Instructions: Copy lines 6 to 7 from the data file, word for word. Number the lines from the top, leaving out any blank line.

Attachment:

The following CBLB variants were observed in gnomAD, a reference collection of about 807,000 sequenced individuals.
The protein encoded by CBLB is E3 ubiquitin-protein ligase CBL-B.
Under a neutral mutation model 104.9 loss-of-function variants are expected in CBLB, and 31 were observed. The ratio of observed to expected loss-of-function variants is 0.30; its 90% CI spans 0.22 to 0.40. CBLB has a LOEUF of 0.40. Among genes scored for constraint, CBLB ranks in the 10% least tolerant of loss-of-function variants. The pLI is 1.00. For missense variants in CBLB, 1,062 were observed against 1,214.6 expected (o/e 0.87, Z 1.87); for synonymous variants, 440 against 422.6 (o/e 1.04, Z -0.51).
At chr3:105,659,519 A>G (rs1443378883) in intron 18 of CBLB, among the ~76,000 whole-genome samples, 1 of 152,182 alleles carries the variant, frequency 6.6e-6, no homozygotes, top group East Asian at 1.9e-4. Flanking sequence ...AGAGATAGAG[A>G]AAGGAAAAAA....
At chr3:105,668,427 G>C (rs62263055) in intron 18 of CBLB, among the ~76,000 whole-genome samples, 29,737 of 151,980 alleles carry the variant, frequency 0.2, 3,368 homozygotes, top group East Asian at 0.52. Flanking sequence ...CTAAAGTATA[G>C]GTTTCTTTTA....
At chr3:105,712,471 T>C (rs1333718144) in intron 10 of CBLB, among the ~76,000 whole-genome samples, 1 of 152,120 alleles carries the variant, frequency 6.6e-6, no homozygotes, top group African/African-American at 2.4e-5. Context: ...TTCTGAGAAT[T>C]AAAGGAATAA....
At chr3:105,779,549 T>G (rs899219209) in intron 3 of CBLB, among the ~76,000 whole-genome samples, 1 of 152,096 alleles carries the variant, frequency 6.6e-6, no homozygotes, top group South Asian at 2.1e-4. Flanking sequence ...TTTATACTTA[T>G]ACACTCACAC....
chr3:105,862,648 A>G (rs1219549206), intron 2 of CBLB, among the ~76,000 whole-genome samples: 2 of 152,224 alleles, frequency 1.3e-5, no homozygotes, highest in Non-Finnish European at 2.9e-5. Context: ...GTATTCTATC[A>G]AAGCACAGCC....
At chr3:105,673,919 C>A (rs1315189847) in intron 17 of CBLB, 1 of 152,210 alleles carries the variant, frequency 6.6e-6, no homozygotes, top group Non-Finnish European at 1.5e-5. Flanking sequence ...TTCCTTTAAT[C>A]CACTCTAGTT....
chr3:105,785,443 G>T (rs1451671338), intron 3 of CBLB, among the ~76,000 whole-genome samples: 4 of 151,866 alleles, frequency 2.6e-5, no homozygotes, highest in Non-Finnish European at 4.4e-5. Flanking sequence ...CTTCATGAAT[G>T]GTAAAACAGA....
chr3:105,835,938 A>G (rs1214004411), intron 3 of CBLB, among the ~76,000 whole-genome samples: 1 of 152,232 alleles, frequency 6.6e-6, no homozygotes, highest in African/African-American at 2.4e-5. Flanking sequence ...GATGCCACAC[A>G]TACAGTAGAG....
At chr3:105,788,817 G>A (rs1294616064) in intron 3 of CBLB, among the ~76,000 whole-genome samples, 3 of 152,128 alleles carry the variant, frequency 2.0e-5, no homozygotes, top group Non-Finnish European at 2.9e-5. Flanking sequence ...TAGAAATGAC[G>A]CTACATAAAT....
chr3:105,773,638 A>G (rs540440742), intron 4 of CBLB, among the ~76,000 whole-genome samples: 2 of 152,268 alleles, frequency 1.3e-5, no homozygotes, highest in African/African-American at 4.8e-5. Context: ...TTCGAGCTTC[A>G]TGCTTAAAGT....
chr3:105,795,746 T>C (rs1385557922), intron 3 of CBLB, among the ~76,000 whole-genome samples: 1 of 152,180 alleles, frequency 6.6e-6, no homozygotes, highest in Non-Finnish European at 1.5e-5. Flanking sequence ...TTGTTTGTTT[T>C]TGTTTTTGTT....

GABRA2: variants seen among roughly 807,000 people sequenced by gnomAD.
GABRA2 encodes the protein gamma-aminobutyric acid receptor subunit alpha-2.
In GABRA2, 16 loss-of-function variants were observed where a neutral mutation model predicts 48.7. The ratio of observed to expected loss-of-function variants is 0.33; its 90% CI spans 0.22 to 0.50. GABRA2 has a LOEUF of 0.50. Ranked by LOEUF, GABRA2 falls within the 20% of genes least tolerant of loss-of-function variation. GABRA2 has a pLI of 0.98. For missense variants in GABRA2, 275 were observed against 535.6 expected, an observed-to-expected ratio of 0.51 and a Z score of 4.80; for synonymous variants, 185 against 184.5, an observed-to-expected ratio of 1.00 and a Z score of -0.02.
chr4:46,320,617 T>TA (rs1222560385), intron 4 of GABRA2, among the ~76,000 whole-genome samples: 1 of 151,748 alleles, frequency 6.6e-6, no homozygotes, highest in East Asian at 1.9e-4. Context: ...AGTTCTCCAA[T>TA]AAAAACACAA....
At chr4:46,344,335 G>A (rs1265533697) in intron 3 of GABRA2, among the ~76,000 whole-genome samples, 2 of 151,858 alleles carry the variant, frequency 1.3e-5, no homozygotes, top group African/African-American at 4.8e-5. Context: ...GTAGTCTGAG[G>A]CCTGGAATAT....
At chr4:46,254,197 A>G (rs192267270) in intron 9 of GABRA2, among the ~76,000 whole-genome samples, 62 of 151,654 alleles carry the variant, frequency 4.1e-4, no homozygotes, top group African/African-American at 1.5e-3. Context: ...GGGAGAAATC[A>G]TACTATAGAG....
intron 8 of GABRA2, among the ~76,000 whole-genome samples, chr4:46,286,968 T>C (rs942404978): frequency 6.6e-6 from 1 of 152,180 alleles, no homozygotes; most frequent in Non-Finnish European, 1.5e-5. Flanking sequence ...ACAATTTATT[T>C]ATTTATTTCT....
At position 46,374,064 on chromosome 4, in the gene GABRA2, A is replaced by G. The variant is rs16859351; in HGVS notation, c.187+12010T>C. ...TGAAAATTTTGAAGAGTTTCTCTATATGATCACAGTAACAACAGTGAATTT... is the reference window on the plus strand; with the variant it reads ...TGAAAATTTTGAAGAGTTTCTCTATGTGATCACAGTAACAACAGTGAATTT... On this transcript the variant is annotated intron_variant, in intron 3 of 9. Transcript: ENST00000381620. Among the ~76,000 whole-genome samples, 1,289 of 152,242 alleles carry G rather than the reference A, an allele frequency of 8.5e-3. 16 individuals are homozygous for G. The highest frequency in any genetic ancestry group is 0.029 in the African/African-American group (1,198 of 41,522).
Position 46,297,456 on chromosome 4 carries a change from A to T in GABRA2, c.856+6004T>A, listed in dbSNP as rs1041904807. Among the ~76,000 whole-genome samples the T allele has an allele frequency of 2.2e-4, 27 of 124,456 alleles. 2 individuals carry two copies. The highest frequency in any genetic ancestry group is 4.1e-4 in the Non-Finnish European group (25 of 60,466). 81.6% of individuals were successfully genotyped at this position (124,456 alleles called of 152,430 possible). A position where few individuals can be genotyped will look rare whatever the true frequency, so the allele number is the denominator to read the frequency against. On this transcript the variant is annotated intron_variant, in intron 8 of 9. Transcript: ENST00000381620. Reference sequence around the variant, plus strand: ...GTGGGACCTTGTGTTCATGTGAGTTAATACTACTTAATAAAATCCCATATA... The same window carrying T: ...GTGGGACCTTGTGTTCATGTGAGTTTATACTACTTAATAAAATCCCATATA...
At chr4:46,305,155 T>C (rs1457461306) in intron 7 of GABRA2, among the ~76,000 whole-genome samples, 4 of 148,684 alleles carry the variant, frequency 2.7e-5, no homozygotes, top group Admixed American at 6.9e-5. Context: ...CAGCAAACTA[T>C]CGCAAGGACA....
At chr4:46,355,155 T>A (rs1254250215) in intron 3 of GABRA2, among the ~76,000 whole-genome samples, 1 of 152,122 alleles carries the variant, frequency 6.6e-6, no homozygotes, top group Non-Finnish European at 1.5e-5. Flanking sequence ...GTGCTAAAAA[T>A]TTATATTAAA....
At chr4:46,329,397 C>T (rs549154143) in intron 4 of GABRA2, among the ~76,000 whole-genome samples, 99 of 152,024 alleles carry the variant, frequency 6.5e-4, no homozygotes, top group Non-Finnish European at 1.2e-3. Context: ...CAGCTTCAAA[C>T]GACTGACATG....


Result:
At chr3:105,712,471 T>C (rs1333718144) in intron 10 of CBLB, among the ~76,000 whole-genome samples, 1 of 152,120 alleles carries the variant, frequency 6.6e-6, no homozygotes, top group African/African-American at 2.4e-5. Context: ...TTCTGAGAAT[T>C]AAAGGAATAA....
At chr3:105,779,549 T>G (rs899219209) in intron 3 of CBLB, among the ~76,000 whole-genome samples, 1 of 152,096 alleles carries the variant, frequency 6.6e-6, no homozygotes, top group South Asian at 2.1e-4. Flanking sequence ...TTTATACTTA[T>G]ACACTCACAC....